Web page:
August 20, 2017

Exploring with Kids: U.S. Capitol

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I’ve lived in the Washington, DC area nearly all my life, and even worked for a Member of Congress for two and a half years, but I can honestly say that I’d never gone on the public tour of the U.S. Capitol until yesterday. The tour was just over an hour, including a 13-minute video and a guided tour of three areas: the Rotunda, Statuary Hall and the Crypt.

It was amazing to watch the video to really get a feel for the impact Congress has had on this nation, from child labor laws to the creation of N.A.S.A. to the family and medical leave act, which allows women up to 12 weeks of maternity leave. But my favorite part of the tour was probably the headphones. Headphones? Yes, with these special headphones, I was able to wrangle my not-yet two-year-old and still listen to my guide as he shared the history of the U.S. Capitol.

Of course, I can’t recommend a Capitol tour more highly, but here are a few tips you may find useful if you make it to Washington, DC to see our laws being made.

  • Reserve Your Capitol Tour Before You Arrive. You don’t need to reserve a tour of the U.S. Capitol ahead of time, but a great way to skip the line is by contacting your Congressman or Senator. Each office has one or two staff members dedicated to helping constituents, which includes coordinating Capitol tours. Once you arrive at the Capitol Visitors Center, look for the line for those with reserved tickets and you’ll have your passes in no time. Find your Congressman here.
  • Get to Know Your State Statues. Every U.S. state has two statues of prominent Americans located in the U.S. Capitol. Most are located in Statuary Hall, but some are located in the Capitol Visitors Center, the Crypt and the Hall of Columns. Visit this page on the Architect of the Capitol website with your kids to find your state’s statues and learn about the great Americans representing your state before your visit.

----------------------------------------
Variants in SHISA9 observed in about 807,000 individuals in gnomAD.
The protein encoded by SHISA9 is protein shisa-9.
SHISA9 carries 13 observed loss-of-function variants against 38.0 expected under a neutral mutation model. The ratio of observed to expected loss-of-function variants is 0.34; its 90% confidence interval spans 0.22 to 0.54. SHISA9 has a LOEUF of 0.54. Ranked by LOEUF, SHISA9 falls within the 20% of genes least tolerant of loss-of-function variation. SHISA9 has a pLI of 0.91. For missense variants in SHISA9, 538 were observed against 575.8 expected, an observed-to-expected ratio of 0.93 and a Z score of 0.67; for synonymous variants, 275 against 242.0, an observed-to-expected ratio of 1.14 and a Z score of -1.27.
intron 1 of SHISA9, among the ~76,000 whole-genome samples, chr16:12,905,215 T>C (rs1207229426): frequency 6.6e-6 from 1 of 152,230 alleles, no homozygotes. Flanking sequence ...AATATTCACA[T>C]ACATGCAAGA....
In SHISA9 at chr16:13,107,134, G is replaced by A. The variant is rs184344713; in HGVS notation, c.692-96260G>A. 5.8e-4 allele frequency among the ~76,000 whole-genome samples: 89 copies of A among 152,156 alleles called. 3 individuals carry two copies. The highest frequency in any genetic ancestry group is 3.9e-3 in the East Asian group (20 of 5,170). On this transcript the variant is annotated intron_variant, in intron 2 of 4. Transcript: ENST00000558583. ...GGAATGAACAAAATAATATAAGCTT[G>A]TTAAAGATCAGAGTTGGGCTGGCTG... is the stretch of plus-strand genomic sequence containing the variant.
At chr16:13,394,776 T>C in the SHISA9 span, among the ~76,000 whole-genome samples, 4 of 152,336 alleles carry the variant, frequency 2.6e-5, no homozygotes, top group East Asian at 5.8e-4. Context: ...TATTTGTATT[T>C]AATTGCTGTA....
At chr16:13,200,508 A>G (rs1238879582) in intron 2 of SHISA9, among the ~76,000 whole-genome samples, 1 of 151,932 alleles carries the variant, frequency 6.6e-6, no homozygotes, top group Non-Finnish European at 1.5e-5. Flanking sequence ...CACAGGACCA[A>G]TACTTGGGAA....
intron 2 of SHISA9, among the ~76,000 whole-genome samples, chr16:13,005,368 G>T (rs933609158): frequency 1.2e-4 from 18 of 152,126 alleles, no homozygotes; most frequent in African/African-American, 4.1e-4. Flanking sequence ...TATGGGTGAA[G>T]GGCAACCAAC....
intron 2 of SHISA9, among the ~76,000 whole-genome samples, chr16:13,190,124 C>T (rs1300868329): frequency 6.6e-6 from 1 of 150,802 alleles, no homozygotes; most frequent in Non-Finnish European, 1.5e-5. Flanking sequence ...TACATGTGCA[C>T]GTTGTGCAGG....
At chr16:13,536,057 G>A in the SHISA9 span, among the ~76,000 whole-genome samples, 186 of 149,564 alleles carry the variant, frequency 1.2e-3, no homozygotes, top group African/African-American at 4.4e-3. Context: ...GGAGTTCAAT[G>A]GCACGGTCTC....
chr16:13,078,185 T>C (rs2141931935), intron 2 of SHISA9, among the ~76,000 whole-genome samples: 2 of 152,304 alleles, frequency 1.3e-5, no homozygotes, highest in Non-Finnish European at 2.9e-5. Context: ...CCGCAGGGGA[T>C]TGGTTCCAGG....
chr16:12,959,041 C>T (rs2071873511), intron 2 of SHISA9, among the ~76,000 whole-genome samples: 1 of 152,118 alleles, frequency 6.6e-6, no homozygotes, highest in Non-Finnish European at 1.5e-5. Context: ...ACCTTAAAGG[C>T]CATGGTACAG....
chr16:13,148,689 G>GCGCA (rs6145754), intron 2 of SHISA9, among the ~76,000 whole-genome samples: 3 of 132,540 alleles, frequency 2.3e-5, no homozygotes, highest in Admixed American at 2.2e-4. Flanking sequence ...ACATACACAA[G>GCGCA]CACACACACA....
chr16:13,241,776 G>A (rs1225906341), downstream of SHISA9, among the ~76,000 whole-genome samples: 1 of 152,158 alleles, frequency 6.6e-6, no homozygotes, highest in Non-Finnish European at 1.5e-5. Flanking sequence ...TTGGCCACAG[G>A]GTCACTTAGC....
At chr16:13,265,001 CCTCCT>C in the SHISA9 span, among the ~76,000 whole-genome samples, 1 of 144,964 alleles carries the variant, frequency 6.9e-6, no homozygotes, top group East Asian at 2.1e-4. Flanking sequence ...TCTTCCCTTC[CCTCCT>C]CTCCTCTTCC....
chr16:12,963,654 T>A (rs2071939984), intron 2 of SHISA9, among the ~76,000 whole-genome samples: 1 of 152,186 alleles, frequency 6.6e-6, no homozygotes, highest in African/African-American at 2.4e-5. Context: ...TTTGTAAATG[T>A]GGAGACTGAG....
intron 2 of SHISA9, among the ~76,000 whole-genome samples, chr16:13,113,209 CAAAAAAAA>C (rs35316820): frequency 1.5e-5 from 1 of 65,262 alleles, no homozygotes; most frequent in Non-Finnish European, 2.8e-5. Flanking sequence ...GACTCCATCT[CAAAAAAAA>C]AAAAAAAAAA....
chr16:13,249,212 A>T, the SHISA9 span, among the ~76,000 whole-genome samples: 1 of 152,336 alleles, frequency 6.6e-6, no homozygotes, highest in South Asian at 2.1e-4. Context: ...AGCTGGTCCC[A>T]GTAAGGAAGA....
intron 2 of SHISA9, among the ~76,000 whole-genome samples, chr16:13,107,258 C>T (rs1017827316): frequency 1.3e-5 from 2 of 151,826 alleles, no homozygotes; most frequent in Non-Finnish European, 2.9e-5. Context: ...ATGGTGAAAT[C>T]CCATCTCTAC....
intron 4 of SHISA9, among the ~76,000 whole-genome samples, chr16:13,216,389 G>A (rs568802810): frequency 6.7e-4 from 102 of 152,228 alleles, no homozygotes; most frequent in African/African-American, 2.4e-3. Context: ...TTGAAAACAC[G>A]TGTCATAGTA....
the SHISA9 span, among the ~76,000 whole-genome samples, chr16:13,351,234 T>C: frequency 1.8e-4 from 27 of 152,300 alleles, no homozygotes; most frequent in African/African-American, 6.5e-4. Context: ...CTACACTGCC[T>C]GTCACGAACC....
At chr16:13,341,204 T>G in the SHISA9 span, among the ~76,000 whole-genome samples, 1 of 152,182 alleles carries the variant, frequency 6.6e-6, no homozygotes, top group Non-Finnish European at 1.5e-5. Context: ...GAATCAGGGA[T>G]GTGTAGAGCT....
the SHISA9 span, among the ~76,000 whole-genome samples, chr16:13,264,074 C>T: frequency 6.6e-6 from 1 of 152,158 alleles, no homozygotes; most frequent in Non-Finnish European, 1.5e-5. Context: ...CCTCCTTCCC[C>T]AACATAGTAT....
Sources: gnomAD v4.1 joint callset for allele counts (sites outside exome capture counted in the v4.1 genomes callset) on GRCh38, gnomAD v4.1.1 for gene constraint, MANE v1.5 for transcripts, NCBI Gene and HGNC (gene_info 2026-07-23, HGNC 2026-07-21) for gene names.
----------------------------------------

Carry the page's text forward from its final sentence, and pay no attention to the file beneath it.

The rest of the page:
• Ask for Free Gallery Passes. If you can, pay a visit to your Congressman or Senator before you visit the Capitol. Every office has free passes to give to constituents who want to watch Congressional proceedings from the House or Senate Gallery. The passes are good for the duration of the Congressional session (up to two years). Take a look at the Congressional Schedule so you can try to time your visit with dates when the Members of Congress will be in town.
  • Check into Special Activities. At various times during the year, you and your family can go on special tours inside and outside the Capitol. For example, on Tuesdays and Wednesdays at 11:30 a.m., you can enjoy a 30-minute program in Exhibition Hall on the history of Congress. Meanwhile, May through October, you can take an outdoor walking tour of the Capitol building and grounds.

Have you taken a trip to the U.S. Capitol in Washington, DC? I’d love to hear any great tips you may have.

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